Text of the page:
If you remember him from “Cars” and “Cars 2,” Lightning McQueen is a racing car whose red exterior and very likeable and loveable interior melts children and adults hearts alike. But in “Cars 3,” the world is changing and Lightning McQueen (voiced by Luke Wilson) can’t keep up with the new mangled fangled super fast highly technologically-advanced new cars now racing, and this includes the shiny and cocky Jackson Storm (Armie Hammer). So what should Lighting McQueen do, retire? No way! After a nasty car accident in a race, McQueen is sent to Radiator Springs to recover from the crash, and from there he joins a new racing facility so that he can up his game to compete with the new cars. There he meets Cruz Ramirez (Cristela Alonzo), a feisty female personal trainer who whips cars back into racing shape. Ramirez also had hopes of being a championship race car but she gave these dreams up years ago. But McQueen has to follow her instructions and at the same time he has to convince his owner Sterling (Nathan Fillion) that he can and will win his next race, for if he doesn’t, then he will give up racing altogether and just stick to endorsements. With McQueen getting into tip top shape, and Cruz’s confidence picking up and raising hopes of her going back to racing, it all boils down to the big race where McQueen has to show what he’s now made of, all thanks to Cruz..
As in “Cars” and “Cars 2,” “Cars 3” is an entertaining movie that provides us with excellent animation and a story where we route not just for Lightning McQueen but for Cruz as well – a minority female character with an inspiring storyline – a rarity in animation films. Expect Disney to have another big hit on their hands with this film as it appeals to both children and adults alike, and perhaps expect “Cars 4” to come our way in a few years time.
Photos from Disney
Review by Tim Baros

Lady Day at Emerson’s Bar & Grill

Mega Broadway star Audra McDonald is making her West End Debut in a show where she performs as Billie Holiday in Lady Day at Emerson’s Bar & Grill. And while most of us have never actually seen the real Holiday sing live, I can only imagine McDonald is as close as the real thing.
Audra McDonald as Billie Holiday in Lady Day at Emerson’s Bar & Grill at the Wyndham’s Theatre until 9 September 2017. CREDIT Marc Bren
Billy Holiday, who was known as ‘Lady Day’, had one of the greatest jazz voices of all time. But sadly she died at the age of 44 in 1959 after a turbulent life, which included drug and alcohol addiction. Lady Day at Emerson’s Bar & Grill takes place in South Philadelphia right before her death, and where she sings and also tells stories about her life, loves, and family. She recounts the time she was performing with musician Artie Shaw in an all-white club and was refused the use of the all-white woman’s bathroom so she pissed on the floor. Lady Day mentions that her mother called The Duchess married at the age of 16 and her father was 19, while she was three. And she rasps lyrical about the love of her life, Sunny, who didn’t exactly treat her like a lady. And she briefly mentions the year she spent in prison for drug possession. All this, plus signature Holliday songs such as Strange Fruit, Easy Livin’ and many many others are beautifully done at The Wyndham’s Theatre which has been crafted to emulate the original Emerson’s Tavern as it was known. And McDonald is astonishing as Holliday.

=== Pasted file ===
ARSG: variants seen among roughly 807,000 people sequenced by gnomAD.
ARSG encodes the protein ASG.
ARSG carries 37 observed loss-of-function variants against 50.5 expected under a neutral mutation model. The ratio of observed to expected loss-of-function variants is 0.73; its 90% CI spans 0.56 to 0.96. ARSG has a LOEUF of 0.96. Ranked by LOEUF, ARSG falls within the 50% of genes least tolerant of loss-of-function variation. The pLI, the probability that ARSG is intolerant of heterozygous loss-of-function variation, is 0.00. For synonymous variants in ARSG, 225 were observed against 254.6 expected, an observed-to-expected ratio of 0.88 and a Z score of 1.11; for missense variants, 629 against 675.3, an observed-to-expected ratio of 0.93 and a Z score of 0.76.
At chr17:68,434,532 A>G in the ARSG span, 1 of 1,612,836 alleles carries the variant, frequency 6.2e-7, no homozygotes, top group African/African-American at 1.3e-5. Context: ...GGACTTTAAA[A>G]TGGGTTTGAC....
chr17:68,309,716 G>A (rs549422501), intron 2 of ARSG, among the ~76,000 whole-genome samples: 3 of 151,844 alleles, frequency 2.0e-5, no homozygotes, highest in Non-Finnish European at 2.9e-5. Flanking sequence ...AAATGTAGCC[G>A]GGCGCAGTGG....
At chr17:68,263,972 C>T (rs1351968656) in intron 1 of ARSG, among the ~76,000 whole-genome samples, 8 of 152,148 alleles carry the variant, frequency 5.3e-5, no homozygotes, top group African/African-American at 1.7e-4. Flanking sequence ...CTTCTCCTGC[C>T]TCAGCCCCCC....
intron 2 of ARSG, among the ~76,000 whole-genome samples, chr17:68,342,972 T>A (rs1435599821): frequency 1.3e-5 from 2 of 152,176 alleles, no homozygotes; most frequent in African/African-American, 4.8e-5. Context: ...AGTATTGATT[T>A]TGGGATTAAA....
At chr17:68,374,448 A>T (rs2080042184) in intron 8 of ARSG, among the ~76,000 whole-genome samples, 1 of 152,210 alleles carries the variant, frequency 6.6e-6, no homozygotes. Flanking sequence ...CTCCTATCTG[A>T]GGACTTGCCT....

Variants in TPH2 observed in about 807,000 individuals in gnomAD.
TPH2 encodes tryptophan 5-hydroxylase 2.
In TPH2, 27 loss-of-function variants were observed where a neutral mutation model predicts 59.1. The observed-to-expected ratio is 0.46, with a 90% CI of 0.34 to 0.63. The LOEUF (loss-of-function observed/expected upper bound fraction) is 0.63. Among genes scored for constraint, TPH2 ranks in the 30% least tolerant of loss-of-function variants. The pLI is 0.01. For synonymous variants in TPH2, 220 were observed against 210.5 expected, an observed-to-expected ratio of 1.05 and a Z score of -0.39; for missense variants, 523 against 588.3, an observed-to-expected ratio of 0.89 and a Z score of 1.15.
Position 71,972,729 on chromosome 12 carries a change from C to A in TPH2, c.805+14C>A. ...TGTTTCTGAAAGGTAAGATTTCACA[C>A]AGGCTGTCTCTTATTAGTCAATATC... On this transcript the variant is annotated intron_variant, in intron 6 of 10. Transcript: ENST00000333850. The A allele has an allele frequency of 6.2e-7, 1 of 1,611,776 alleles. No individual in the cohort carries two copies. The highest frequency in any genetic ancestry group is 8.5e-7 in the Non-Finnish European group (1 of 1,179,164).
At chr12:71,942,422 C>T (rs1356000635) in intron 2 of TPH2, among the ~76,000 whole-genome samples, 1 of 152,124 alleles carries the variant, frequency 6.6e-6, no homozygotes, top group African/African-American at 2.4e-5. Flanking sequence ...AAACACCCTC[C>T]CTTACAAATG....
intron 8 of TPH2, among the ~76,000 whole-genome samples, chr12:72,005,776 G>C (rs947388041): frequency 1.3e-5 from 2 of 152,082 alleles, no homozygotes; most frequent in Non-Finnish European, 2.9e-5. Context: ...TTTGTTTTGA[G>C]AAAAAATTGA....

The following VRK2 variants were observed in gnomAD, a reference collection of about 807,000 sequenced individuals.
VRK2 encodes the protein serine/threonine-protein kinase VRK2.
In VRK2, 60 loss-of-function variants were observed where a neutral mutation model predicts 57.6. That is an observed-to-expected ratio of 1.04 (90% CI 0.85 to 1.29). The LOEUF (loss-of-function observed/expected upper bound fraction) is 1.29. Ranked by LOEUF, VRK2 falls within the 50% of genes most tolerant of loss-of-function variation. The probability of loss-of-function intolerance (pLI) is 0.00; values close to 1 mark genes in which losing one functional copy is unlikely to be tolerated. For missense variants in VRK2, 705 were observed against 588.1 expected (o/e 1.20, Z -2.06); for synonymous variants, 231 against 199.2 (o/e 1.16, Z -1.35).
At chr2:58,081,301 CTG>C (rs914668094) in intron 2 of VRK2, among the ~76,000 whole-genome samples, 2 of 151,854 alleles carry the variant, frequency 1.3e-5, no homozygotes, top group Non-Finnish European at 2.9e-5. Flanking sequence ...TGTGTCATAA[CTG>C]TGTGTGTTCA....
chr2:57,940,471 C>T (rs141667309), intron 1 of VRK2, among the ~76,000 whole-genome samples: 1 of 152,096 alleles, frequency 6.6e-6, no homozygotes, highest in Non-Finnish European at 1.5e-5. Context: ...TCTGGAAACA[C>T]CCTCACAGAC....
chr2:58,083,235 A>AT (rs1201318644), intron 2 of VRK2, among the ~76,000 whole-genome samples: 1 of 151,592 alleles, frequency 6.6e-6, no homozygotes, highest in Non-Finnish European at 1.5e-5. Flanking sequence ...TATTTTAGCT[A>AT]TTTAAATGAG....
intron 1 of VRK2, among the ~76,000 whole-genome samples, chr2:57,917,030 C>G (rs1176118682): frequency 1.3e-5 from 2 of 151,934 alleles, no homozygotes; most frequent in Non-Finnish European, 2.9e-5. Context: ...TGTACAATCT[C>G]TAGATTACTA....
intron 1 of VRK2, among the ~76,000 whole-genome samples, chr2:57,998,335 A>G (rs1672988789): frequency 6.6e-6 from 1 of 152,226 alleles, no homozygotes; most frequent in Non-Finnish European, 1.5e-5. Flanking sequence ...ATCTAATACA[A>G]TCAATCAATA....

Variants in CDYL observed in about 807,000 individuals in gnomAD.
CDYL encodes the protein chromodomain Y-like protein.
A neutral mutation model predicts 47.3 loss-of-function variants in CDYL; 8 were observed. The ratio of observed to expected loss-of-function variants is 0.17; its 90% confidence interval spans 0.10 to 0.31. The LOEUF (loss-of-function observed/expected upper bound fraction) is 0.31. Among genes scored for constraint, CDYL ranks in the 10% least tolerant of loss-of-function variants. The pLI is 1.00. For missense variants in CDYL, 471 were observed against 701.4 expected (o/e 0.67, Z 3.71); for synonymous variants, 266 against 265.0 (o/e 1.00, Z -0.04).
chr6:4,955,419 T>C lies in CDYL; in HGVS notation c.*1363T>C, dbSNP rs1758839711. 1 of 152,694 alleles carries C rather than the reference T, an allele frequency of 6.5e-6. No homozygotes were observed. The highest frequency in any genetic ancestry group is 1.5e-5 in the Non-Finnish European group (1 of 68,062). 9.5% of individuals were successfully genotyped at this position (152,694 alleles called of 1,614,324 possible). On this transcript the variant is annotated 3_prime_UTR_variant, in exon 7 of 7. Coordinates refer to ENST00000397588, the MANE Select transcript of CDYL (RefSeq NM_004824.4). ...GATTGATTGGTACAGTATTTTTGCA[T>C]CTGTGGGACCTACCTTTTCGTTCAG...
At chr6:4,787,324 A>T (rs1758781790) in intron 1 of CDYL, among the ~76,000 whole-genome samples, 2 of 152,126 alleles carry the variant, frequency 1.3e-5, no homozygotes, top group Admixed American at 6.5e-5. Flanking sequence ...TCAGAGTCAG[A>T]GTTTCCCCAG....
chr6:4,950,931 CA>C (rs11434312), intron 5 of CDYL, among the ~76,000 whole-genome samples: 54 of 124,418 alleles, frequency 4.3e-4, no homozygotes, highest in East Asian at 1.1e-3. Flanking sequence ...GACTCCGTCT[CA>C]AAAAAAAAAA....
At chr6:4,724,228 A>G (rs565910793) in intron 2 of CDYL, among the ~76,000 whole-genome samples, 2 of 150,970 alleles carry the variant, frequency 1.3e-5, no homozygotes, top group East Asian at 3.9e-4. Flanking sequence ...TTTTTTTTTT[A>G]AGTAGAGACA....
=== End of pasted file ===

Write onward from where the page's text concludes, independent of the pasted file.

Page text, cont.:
It’s not just that McDonald is acting like Holiday, but McDonald sings like Holiday as well. There’s a reason why McDonald has one 6 Tony Awards, she is one if not the most accomplished stage actress of our time. The likes of Bernadette Peters, Patti LuPone or Elaine Paige don’t hold a candle to McDonald. She’s appeared on stage in both musicals and dramas such as Ragtime, A Raisin in the Sun and Master Class when she was young where she proved that she’s a force to be reckoned with. Accompanied by Shelton Becton on piano, Frankie Tontoh on Drums and Neville Malcolm on Bass, Lady Day at Emerson’s Bar & Grill is a lush tribute to the woman who died way before her time, and a tribute to the woman who plays her – it’s a tour de force performance.
Lady Day at Emerson’s Bar & Grill is playing until September 9, 2017. Regular seats can be purchased, or there are several tables in the stalls and even some on the stage that are for sale for those who want a complete cabaret experience.

Photo by The Corner Shop PR

Review by Tim Baros


Bat Out of Hell

What: Bat Out of Hell
Where: London Coliseum
Who: A Rock Opera based on Meatloaf’s 1977 hit album 
When: Running until 22 August 2017
Why: Great acting and singing make up for the weak storyline
Andrew Polec as Strat (left) in BAT OUT OF HELL credit Specular

Me and a friend went to hell the other night – Bat Out of Hell. And by the end of the night, we didn’t want to leave.

On the hottest night of the year (well actually the hottest night in 40 years), we went to see Jim Steinman’s Bat Out of Hell, The Musical at the London Coliseum. And not only was it too hot to be in a poorly air-conditioned auditorium, it was probably the worst night to watch a show that included loud music, actors singing at the top of their lungs, and plumes of flames being shot from the stage – but it turned out to be one helluva ride.